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Oct 18, 2022 / 15:55

Hanoi to reduce rate of malnutrition, overweight and obesity

Hanoi's important tasks are controlling overweight and obesity, preventing chronic diseases and addressing micronutrient deficiencies in children, adolescents and women of childbearing age.

The Hanoi People's Committee has just issued a plan to reduce malnutrition, overweight and obesity in accordance with the National Strategy on Nutrition in 2022-2030.

Accordingly, Hanoi authorities have asked the city's districts to communicate about reasonable nutrition for people in the malnutrition, overweight and obesity groups to improve height, physique and intelligence.

The city wants to reach 78% of children aged 6-23 months with a healthy diet by 2025 and 80% by 2030. The proportion of adults consuming a sufficient amount of fruits and vegetables per day will be 65% by 2025 and 70% by 2030.

In addition, the percentage of schools with menus meeting the Ministry of Health's recommendations to ensure adequate nutrition and dietary diversity will reach 70% by 2025 and 90% by 2030.

 A doctor guides a mother on a suitable diet for her kid to avoid overweight and obesity in Hanoi. Photo: Duy Anh/ The Hanoi Times

Besides, the city strives to ensure that by 2025, 80% of pregnant women and mothers with children under two years of age receive nutrition counseling in the basic primary and preventive health care package and 100% by 2030.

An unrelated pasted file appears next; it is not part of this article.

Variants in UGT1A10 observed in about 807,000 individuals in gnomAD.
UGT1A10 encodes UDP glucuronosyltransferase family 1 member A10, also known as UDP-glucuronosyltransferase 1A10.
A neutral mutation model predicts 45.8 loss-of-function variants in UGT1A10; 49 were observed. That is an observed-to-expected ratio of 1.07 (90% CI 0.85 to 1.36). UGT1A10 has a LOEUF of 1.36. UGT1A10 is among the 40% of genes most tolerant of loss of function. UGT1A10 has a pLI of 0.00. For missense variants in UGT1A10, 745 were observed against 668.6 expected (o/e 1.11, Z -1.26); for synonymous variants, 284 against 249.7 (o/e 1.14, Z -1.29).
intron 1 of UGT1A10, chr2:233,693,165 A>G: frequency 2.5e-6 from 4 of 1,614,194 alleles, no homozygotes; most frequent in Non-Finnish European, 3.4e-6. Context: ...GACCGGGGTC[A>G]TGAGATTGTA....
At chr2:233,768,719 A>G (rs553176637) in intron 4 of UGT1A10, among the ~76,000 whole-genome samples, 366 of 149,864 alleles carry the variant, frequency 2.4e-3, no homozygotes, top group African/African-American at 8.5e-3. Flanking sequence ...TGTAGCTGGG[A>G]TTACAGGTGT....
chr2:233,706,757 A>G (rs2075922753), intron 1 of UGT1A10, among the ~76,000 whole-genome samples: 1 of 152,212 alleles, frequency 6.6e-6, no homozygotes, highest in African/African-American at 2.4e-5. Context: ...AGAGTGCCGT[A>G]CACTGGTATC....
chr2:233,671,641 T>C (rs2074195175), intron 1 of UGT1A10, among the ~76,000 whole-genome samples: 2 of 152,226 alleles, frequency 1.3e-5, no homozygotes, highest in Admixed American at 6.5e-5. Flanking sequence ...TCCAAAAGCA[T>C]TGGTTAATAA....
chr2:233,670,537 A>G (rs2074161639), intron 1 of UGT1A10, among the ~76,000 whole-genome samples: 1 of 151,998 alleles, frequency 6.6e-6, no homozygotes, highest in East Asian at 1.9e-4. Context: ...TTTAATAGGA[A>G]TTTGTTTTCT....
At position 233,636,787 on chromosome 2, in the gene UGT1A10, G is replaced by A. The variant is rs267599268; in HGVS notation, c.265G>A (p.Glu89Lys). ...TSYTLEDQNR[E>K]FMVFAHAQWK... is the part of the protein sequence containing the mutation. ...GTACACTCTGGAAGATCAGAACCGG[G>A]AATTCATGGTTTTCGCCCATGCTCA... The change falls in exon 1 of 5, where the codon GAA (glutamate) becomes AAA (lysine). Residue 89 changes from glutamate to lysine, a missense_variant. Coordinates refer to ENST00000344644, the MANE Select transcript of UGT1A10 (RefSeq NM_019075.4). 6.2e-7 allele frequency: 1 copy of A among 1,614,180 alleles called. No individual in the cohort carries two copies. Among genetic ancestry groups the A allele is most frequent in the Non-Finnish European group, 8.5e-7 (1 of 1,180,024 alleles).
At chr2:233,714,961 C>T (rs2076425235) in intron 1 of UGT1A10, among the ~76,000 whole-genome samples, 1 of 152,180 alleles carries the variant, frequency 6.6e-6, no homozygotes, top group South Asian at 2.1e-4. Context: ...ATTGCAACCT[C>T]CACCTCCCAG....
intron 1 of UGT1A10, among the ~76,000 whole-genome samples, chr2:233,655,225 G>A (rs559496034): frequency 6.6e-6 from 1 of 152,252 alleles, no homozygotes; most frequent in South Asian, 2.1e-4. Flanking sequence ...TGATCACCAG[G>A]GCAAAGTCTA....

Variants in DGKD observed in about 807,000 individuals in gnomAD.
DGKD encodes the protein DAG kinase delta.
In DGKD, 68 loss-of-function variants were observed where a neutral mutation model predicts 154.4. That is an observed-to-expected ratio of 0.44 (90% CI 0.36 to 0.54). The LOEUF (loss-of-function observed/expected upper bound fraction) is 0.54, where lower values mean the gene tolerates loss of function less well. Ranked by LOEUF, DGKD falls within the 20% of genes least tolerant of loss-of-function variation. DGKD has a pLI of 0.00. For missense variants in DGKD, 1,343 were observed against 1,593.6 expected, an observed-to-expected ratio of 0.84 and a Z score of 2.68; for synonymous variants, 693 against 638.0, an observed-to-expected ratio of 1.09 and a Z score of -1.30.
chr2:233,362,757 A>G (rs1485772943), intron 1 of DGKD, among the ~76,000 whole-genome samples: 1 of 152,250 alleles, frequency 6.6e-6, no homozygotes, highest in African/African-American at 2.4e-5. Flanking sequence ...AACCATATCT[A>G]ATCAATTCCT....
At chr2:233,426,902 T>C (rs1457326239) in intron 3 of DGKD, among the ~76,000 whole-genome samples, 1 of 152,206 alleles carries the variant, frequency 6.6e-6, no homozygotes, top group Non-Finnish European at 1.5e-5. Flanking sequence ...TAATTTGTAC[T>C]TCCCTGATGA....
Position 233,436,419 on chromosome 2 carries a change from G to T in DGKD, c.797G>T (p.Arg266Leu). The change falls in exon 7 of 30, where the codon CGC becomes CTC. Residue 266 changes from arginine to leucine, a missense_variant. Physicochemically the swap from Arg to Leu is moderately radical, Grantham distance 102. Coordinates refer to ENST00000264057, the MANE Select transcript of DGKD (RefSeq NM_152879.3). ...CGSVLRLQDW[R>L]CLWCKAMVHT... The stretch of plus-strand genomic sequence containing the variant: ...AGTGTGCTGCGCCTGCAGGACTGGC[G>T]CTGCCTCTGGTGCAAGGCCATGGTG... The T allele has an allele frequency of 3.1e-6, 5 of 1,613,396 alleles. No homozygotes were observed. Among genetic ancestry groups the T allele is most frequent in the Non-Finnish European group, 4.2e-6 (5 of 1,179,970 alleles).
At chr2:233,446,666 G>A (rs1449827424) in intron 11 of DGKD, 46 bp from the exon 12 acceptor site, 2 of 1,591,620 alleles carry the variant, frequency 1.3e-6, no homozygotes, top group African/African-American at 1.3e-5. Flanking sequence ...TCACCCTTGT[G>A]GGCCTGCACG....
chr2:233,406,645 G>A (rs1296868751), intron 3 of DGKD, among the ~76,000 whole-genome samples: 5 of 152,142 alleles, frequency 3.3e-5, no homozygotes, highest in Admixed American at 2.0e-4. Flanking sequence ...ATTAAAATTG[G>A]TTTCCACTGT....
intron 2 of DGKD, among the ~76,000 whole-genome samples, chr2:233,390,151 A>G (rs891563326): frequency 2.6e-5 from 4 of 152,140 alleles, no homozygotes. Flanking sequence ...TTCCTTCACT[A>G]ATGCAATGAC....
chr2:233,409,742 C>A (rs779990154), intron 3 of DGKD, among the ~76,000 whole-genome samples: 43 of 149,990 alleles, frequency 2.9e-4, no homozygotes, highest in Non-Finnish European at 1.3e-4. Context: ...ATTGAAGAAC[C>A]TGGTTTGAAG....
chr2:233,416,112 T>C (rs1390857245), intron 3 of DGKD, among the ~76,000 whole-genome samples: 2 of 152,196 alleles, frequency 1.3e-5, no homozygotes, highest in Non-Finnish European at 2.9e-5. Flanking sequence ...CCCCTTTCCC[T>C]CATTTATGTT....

Other essential tasks are controlling overweight and obesity; preventing chronic diseases; addressing micronutrient deficiencies in children, adolescents and women of childbearing age.

According to municipal People's Committee statistics, Hanoi has met and exceeded all targets under the Vietnamese Government's National Nutrition Strategy for 2011-2020. However, the city is still facing issues with nutrition, such as the increasing rate of overweight and obesity and the gap between urban and suburban areas.

The rate of overweight and obesity among school-aged children increased from 18.6% in 2017 to 22.7% in 2021.

Only 38.3% of adults practice physical activity at the recommended level in 2021; people's average salt intake is as high as 9 grams per day (in 2016). These are risk factors causing nutrition-related chronic non-communicable diseases.

Thus, Hanoi faces a dual nutrition problem: the proportion of stunted children remains relatively high (11.8%), while overweight and obesity in both children and adults are increasing rapidly. These problems must be solved synchronously in the future to reduce the disease burden and improve Hanoians' height, physique and intelligence.

In January 2022, the Vietnamese Government approved the National Strategy on Nutrition from 2022 to 2030 with a vision to 2045, aiming at improving its citizens' stature and health.

Under the plan, Vietnam sets specific targets for the next ten years to implement a varied, reasonable and safe food diet for all ages.

According to recent nutrition research conducted by the National Institute of Nutrition under the Ministry of Health, the prevalence of overweight and obese children in Vietnam, especially in big cities, like Hanoi and Ho Chi Minh City, has more than doubled in the past ten years.

By 2020, the National Institute of Nutrition said that for every 100 children between the ages of five and 19, 19 are either overweight or obese, a sharp increase compared to the figure of 8.5 in 2010.

"Overweight and obese rates are on the rise across all age groups and in both urban and rural areas, leading to an uncontrolled increase in dietary-related non-communicable diseases," the institute warned.

It added the survey results showed that the national strategy on nutrition for the 2011-2020 period achieved many significant results. However, it has not addressed micronutrient deficiencies or overweight and obesity rates among adults.